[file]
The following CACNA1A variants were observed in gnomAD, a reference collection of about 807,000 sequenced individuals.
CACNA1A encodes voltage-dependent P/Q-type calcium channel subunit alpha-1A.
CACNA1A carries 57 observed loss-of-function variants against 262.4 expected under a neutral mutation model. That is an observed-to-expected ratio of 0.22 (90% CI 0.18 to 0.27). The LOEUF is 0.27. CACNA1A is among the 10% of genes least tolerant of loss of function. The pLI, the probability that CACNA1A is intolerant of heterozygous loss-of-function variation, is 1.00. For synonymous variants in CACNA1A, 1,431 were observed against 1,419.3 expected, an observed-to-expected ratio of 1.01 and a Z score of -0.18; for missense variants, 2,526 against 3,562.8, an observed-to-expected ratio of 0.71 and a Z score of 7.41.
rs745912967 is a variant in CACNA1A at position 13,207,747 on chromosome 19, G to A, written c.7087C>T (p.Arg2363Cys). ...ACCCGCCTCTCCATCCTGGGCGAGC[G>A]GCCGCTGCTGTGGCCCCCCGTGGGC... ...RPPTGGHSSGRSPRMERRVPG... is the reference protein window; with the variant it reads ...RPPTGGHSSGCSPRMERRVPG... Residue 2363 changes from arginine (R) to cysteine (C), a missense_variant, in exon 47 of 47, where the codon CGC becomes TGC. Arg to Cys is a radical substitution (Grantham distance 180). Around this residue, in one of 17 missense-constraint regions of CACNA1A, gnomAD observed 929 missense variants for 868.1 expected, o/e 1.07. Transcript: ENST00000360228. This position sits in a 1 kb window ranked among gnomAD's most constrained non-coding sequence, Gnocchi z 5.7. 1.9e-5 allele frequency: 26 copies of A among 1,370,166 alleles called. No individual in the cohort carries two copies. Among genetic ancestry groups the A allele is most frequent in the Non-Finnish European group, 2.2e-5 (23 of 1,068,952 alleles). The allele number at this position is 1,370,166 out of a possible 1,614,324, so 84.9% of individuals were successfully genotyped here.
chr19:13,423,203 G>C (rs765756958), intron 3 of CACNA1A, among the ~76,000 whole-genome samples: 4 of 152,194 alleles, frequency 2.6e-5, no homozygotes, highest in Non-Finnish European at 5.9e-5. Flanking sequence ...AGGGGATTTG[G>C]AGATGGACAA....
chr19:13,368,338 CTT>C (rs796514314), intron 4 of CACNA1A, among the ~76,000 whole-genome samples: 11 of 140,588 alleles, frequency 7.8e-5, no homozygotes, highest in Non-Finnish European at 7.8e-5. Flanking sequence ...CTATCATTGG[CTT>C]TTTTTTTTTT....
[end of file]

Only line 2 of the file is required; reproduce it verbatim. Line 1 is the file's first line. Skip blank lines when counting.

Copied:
CACNA1A encodes voltage-dependent P/Q-type calcium channel subunit alpha-1A.